For those with a 3-D TV, there’s virtually nothing to watch right now. In June, limited programs begin, and the choices will be slim. So make no mistake, when you walk into a Best Buy or other retailer and see the promise of watching 3-D in your living room, those are just promises for the future.

Still, it does seem like a very good opportunity for any enterprising producers to get in there...
  • 0

#5 George Ebersole

George Ebersole
  • Sustaining Members
  • 1570 posts
  • Industry Rep
  • San Francisco Bay Area

Posted 26 May 2010 - 09:42 PM

Well I did mean with the kind of modern technology we've been talking about here lately... :D

I've kind of had my answer in an item on the Broadcast Engineering site. I'll quote it, save you going there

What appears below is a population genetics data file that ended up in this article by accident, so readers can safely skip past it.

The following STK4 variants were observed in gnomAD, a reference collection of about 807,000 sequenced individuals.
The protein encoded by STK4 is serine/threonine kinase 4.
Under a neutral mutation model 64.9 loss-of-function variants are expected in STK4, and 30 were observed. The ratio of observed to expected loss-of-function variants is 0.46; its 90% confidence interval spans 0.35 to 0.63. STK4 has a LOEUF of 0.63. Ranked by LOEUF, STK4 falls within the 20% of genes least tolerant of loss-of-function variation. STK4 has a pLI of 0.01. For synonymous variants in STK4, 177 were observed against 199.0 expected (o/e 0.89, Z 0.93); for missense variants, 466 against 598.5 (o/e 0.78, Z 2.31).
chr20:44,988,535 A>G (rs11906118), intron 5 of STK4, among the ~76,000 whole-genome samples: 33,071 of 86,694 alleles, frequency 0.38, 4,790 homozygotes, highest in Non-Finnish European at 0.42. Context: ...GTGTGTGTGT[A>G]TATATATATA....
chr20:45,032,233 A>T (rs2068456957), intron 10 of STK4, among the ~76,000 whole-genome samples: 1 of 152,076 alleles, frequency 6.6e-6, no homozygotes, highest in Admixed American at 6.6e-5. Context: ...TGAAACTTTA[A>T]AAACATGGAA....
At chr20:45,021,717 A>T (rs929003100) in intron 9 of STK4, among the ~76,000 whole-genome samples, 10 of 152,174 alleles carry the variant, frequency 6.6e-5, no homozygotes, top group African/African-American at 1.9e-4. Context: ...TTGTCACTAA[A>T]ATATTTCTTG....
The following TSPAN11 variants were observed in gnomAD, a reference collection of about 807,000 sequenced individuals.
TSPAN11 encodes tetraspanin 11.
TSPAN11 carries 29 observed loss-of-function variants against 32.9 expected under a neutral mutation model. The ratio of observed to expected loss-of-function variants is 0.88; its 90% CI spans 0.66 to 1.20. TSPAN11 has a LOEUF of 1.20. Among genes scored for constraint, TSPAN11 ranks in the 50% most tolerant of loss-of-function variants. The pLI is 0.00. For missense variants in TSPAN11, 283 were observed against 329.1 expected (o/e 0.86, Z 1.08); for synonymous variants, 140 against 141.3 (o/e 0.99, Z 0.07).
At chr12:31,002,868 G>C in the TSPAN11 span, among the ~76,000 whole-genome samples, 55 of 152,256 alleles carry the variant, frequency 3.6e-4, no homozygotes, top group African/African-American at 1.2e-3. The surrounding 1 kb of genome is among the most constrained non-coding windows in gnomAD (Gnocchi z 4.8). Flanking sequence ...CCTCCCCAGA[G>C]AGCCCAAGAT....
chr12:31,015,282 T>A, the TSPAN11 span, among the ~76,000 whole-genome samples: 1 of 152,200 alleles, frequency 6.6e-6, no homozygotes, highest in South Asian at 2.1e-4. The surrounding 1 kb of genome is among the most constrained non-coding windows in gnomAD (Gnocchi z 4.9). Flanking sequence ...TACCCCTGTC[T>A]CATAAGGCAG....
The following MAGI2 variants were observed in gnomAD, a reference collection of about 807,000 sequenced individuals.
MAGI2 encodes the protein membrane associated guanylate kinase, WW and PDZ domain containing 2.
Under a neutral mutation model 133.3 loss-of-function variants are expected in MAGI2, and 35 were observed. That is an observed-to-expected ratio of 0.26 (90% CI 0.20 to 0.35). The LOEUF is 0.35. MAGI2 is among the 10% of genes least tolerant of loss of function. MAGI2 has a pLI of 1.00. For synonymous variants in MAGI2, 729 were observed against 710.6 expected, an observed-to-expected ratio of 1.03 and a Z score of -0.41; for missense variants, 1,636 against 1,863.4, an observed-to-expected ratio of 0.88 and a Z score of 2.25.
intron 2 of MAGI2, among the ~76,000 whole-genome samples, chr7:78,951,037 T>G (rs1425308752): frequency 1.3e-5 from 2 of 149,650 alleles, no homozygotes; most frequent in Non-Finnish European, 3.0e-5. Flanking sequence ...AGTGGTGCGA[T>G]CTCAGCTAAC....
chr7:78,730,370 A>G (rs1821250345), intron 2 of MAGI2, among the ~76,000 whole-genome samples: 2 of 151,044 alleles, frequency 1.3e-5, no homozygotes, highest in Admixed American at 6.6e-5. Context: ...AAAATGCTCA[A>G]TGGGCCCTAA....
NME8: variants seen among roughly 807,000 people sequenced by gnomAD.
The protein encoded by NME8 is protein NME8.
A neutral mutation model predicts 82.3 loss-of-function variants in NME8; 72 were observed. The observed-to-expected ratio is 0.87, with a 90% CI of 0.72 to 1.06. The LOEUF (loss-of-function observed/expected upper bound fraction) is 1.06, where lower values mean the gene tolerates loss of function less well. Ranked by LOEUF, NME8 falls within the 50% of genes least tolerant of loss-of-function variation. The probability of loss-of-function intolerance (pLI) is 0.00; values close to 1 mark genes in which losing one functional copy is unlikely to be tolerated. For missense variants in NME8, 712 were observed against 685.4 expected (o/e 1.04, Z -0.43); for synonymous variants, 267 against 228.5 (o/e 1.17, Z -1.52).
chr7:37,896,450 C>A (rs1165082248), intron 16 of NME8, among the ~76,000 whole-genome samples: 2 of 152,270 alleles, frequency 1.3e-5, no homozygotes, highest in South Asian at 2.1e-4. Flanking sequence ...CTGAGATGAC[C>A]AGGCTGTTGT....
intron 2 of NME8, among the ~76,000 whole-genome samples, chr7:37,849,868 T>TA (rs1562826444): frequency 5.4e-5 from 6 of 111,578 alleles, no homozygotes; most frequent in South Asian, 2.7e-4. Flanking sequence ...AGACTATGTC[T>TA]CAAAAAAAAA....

Still, it does seem like a very good opportunity for any enterprising producers to get in there...

Doh, my bad.

I dunno... I'm not really anti-3D, in spite of my postings on other topics, but I just don't see the advantage of 3D films. I'd just assume watch a flick without having to don some glasses.

But, I'm an older guy, and maybe the younger dudes and dudettes out there are craving this stuff.
  • 0


Technodolly

The Slider

Broadcast Solutions Inc

Ritter Battery

CineLab

Metropolis Post

Rig Wheels Passport

Gamma Ray Digital Inc

Visual Products

Paralinx LLC

Willys Widgets

Opal

Abel Cine

rebotnix Technologies

Glidecam

Media Blackout - Custom Cables and AKS

FJS International, LLC

Tai Audio

Aerial Filmworks

Wooden Camera

CineTape

Paralinx LLC

Wooden Camera

FJS International, LLC

Technodolly

Opal

Broadcast Solutions Inc

CineTape

CineLab

Willys Widgets

Rig Wheels Passport

Gamma Ray Digital Inc

Metropolis Post

rebotnix Technologies

Aerial Filmworks

Visual Products

Ritter Battery

Tai Audio

Abel Cine

The Slider

Glidecam

Media Blackout - Custom Cables and AKS